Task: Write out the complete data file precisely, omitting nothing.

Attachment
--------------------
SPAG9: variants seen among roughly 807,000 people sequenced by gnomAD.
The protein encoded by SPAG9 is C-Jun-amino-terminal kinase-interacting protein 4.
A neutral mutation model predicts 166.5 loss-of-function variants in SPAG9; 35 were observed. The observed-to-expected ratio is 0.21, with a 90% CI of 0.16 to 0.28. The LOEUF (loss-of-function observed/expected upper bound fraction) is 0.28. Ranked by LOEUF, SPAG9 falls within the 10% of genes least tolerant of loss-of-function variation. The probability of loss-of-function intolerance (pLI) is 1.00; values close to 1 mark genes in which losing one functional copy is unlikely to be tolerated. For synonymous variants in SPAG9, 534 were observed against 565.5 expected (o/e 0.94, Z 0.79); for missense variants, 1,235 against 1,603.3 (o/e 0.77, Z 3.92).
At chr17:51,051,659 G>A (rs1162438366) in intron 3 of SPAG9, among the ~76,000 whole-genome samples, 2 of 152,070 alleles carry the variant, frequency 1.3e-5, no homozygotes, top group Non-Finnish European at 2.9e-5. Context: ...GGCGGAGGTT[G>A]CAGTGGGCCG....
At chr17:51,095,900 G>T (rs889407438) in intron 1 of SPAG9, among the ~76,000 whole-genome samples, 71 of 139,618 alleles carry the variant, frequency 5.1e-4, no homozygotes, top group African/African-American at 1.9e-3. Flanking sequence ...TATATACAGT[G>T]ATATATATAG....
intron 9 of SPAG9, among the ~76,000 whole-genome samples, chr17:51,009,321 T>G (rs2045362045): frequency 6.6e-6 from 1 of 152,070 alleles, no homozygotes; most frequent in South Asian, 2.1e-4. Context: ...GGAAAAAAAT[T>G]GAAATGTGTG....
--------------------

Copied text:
SPAG9: variants seen among roughly 807,000 people sequenced by gnomAD.
The protein encoded by SPAG9 is C-Jun-amino-terminal kinase-interacting protein 4.
A neutral mutation model predicts 166.5 loss-of-function variants in SPAG9; 35 were observed. The observed-to-expected ratio is 0.21, with a 90% CI of 0.16 to 0.28. The LOEUF (loss-of-function observed/expected upper bound fraction) is 0.28. Ranked by LOEUF, SPAG9 falls within the 10% of genes least tolerant of loss-of-function variation. The probability of loss-of-function intolerance (pLI) is 1.00; values close to 1 mark genes in which losing one functional copy is unlikely to be tolerated. For synonymous variants in SPAG9, 534 were observed against 565.5 expected (o/e 0.94, Z 0.79); for missense variants, 1,235 against 1,603.3 (o/e 0.77, Z 3.92).
At chr17:51,051,659 G>A (rs1162438366) in intron 3 of SPAG9, among the ~76,000 whole-genome samples, 2 of 152,070 alleles carry the variant, frequency 1.3e-5, no homozygotes, top group Non-Finnish European at 2.9e-5. Context: ...GGCGGAGGTT[G>A]CAGTGGGCCG....
At chr17:51,095,900 G>T (rs889407438) in intron 1 of SPAG9, among the ~76,000 whole-genome samples, 71 of 139,618 alleles carry the variant, frequency 5.1e-4, no homozygotes, top group African/African-American at 1.9e-3. Flanking sequence ...TATATACAGT[G>T]ATATATATAG....
intron 9 of SPAG9, among the ~76,000 whole-genome samples, chr17:51,009,321 T>G (rs2045362045): frequency 6.6e-6 from 1 of 152,070 alleles, no homozygotes; most frequent in South Asian, 2.1e-4. Context: ...GGAAAAAAAT[T>G]GAAATGTGTG....